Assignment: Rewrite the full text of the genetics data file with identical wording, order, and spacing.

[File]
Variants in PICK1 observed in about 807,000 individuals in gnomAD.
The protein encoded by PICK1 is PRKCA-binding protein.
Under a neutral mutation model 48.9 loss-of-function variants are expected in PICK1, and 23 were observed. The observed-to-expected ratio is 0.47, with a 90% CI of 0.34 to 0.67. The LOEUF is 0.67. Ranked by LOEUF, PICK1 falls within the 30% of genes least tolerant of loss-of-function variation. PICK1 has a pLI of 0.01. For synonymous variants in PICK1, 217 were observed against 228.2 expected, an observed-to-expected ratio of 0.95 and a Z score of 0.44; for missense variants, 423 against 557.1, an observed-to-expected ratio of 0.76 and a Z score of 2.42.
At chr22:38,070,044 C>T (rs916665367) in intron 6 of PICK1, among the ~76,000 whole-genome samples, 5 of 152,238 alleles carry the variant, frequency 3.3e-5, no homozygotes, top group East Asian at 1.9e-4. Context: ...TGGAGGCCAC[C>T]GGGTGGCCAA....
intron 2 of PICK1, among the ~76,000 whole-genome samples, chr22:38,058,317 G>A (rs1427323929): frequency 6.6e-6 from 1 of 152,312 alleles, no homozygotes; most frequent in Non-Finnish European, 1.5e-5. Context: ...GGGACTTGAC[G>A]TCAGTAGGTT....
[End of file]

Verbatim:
Variants in PICK1 observed in about 807,000 individuals in gnomAD.
The protein encoded by PICK1 is PRKCA-binding protein.
Under a neutral mutation model 48.9 loss-of-function variants are expected in PICK1, and 23 were observed. The observed-to-expected ratio is 0.47, with a 90% CI of 0.34 to 0.67. The LOEUF is 0.67. Ranked by LOEUF, PICK1 falls within the 30% of genes least tolerant of loss-of-function variation. PICK1 has a pLI of 0.01. For synonymous variants in PICK1, 217 were observed against 228.2 expected, an observed-to-expected ratio of 0.95 and a Z score of 0.44; for missense variants, 423 against 557.1, an observed-to-expected ratio of 0.76 and a Z score of 2.42.
At chr22:38,070,044 C>T (rs916665367) in intron 6 of PICK1, among the ~76,000 whole-genome samples, 5 of 152,238 alleles carry the variant, frequency 3.3e-5, no homozygotes, top group East Asian at 1.9e-4. Context: ...TGGAGGCCAC[C>T]GGGTGGCCAA....
intron 2 of PICK1, among the ~76,000 whole-genome samples, chr22:38,058,317 G>A (rs1427323929): frequency 6.6e-6 from 1 of 152,312 alleles, no homozygotes; most frequent in Non-Finnish European, 1.5e-5. Context: ...GGGACTTGAC[G>A]TCAGTAGGTT....